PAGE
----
Roger Michell, director of "Notting Hill", dead at 65

Roger Michell, the British theater and film director best known for “ Notting hill “, the hugely popular 1999 romantic comedy that has s...


Roger Michell, the British theater and film director best known for “Notting hill“, the hugely popular 1999 romantic comedy that has somewhat overshadowed the rest of its vast and diverse body of work, died Wednesday. He was 65 years old.

His family announced his death in a statement released by his publicist. The statement did not specify where he died or what the cause was.

Mr. Michell’s first film, a 1995 adaptation of Jane Austen’s novel “Persuasion”, caught the attention of screenwriter Richard Curtis, who had enjoyed great success with “Four weddings and a funeralThe year before. Mr. Curtis was looking for someone to direct his next screenplay, about a humble London bookseller who fell in love with a movie star.

Although he found the idea of ​​trying to match a blockbuster like “Four Weddings and a Funeral” to be intimidating, Mr. Michell said yes immediately. He knew he wanted to play Julia Roberts as the movie star, but he sought out a male role before choosing Hugh Grant, who had also starred in “Four Weddings”.

“We played around with the idea of ​​casting someone else because of the anxiety that the movie would be seen as a retread, a sequel,” Michell told The Guardian in 1999. “Then we had thought, “How ridiculous, we have the greatest actor in the world for that kind of material, wanting to make this movie. ‘”

Mr. Michell’s concerns turned out to be unwarranted: “Notting Hill” grossed $ 262 million worldwide, or 6 million more than “Four Weddings”. It was the highest grossing British film at the time (it has since been overtaken by the “Harry Potter” films, among others), although Mr. Michell was ambivalent about its success.

“In fact, I sometimes wonder if doing ‘Notting Hill’ was a bad thing,” he told the Birmingham Post in 2002, “because it was so successful, everyone is so surprised when I do something different. “

It continues to achieve critical and commercial success. His next film was “To change of way“, a big budget thriller starring Ben Affleck and Samuel L. Jackson that did well at the box office, although most of his subsequent films were smaller productions, among which”The mother”(2003), on the affair of a middle-aged woman with a younger man, and“Enduring love”(2004), an adaptation of a novel by Ian McEwan. Both films starred Daniel Craig, one of the many actors who frequently worked with Mr. Michell.

Mr. Michell was supposed to direct Mr. Craig as James Bond in “Quantum of Solace” (2008), but he stepped down after realizing the film had no script and was in a rush to respect the producers’ release date.

He remained a popular director in London theater while continuing to work in cinema. It was his personal policy to only stage new plays, with the exception of the work of Harold Pinter, his hero.

“I have strong opinions about the kind of work I want to do,” he told the Financial Times in 2004. “That’s all that guides me. I have no other type of strategy. I’m ambitious, what else is there?

Mr. Michell was born on June 5, 1956 in Pretoria, South Africa, where his British father served as a diplomat. As a child, he traveled often; he lived in Damascus and Beirut, and he was in Prague to witness the passage of tanks during the Soviet invasion of 1968.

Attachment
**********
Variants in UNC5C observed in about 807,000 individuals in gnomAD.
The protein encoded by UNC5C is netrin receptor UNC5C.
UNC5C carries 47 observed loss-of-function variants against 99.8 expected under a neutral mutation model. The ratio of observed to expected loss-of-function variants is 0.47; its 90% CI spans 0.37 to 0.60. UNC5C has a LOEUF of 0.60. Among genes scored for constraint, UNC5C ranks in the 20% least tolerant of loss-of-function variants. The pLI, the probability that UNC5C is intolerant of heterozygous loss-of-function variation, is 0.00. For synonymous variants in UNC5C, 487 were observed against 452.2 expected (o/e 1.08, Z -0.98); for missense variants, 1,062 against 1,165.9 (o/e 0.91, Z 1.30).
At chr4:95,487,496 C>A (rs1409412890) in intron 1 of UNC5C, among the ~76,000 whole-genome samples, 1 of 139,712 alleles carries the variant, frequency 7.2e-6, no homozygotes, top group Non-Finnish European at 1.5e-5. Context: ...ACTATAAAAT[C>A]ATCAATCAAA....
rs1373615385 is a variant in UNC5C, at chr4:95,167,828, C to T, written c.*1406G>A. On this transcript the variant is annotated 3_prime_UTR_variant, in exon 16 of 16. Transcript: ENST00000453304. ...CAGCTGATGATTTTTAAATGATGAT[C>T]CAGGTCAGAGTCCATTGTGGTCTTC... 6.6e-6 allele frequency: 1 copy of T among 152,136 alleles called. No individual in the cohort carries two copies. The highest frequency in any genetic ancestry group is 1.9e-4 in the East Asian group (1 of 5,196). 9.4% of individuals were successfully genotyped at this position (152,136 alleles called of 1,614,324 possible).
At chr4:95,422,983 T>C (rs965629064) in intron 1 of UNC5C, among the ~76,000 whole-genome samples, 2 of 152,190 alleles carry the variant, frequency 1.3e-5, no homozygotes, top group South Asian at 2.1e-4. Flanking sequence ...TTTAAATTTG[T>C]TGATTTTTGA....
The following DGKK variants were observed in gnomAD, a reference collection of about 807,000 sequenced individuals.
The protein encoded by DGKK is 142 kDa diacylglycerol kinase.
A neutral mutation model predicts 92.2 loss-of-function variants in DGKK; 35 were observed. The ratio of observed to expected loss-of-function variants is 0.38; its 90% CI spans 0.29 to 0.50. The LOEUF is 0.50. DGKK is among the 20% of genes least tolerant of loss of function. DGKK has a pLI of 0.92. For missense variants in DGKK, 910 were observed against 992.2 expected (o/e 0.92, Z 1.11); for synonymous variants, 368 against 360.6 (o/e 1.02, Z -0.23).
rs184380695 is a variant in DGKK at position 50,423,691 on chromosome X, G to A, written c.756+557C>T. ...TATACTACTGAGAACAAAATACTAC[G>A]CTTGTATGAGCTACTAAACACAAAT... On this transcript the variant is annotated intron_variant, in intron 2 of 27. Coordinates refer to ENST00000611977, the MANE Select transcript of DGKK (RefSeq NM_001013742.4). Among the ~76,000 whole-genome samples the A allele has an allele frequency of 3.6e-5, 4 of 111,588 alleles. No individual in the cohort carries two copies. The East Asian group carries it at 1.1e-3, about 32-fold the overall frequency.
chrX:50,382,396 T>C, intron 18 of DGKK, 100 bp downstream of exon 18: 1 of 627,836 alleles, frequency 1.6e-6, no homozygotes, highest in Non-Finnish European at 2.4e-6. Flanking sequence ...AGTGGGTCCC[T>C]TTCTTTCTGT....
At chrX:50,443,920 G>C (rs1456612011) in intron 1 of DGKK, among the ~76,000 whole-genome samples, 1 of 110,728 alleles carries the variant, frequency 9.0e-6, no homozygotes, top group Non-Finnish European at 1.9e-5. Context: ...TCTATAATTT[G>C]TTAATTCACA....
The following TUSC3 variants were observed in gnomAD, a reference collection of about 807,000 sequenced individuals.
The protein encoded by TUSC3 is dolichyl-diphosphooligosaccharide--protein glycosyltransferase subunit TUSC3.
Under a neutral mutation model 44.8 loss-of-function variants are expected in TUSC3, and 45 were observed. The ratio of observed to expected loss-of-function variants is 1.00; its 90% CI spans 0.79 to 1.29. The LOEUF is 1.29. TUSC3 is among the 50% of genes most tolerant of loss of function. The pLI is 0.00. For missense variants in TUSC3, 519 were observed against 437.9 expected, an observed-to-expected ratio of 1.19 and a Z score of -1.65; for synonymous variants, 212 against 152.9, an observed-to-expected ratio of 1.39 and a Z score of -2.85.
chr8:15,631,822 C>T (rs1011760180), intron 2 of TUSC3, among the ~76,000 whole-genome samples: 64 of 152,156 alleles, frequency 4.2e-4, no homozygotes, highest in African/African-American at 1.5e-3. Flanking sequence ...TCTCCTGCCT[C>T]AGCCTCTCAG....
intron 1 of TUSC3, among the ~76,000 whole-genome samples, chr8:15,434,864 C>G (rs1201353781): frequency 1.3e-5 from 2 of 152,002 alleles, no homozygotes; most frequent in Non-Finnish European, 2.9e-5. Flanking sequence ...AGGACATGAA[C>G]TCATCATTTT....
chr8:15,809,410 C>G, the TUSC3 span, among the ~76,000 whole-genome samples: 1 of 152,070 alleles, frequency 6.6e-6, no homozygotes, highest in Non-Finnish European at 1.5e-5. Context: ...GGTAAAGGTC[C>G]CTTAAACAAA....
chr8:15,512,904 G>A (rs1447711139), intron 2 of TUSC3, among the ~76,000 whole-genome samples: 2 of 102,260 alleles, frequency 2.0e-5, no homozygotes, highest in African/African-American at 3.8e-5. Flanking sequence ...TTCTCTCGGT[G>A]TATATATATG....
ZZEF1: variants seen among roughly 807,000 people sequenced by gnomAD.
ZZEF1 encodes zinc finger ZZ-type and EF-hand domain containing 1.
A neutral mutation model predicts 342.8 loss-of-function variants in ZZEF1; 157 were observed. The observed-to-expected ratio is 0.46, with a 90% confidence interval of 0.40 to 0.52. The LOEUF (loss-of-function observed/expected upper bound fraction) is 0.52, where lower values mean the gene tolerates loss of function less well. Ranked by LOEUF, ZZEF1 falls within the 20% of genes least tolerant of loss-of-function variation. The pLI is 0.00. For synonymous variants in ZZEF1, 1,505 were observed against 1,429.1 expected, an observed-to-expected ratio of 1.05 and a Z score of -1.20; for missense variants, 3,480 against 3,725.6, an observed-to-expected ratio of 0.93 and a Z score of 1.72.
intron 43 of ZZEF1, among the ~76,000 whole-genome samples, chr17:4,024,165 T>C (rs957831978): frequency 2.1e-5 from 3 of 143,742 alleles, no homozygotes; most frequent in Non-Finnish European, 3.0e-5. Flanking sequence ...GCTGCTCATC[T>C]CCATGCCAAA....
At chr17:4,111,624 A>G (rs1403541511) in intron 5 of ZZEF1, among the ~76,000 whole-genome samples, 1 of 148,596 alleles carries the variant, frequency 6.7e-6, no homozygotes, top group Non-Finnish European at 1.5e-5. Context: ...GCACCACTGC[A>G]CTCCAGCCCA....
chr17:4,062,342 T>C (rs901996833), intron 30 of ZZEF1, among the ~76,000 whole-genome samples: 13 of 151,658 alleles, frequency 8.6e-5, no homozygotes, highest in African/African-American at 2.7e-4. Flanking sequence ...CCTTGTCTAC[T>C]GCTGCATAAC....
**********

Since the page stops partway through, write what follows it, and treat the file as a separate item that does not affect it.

Mr. Michell’s first marriage to actress Kate Buffery ended in divorce. He was separated from his second wife, actress Anna Maxwell Martin. He is also survived by his children, Harry, Rosie, Maggie and Nancy.

Mr. Michell studied English at the University of Cambridge. After graduating in 1977 he started working for a theater company in Brighton. A year later, he got his first big chance: a post of assistant director at the Royal Court Theater in London.

There he worked alongside old hands of the theater such as playwrights John osborne and Samuel beckett – which he recalled, in a 2017 interview with The Sunday Star-Times, a New Zealand newspaper, as “the opposite of that kind of terrifying eagle presence you might suspect from photographs.”

He has also worked with the next generation of directors and writers, including Danny Boyle, who will win an Oscar for directing “Slumdog Millionaire”(2008), and Hanif Kureishi, aspiring novelist and playwright.

Mr. Michell and Mr. Kureishi later became collaborators. Mr. Michell directed a 1993 adaptation of Mr. Kureishi’s novel “The suburban buddha“(1990) as a BBC series, and Mr. Kureishi wrote the screenplay for two of Mr. Michell’s films,” The Mother “and”Venus”(2006), with Peter O’Toole.

Mr. Michell’s most recent film is “The Duke,” a comedy about the 1961 theft from a painting by The Duke of Marlborough at the National Gallery in London, starring Helen Mirren and Jim Broadbent. It premiered at film festivals in 2020 and is scheduled for general release next year.

Although his success with “Notting Hill” propelled him to the top ranks of English-speaking directors, Mr. Michell has kept a low profile, preferring to let his actors and writers shine – a quality that may explain why so many actors loved it. work with him. .

“As a species, the stars are pretty scary – they’re iconic and you aren’t,” he said in the Guardian interview. “But like all other artists, they thrive in a good environment. Part of my job is to give the impression of tremendous calm; that is not necessarily how I feel.

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Newsrust - US Top News: Roger Michell, director of "Notting Hill", dead at 65
Roger Michell, director of "Notting Hill", dead at 65
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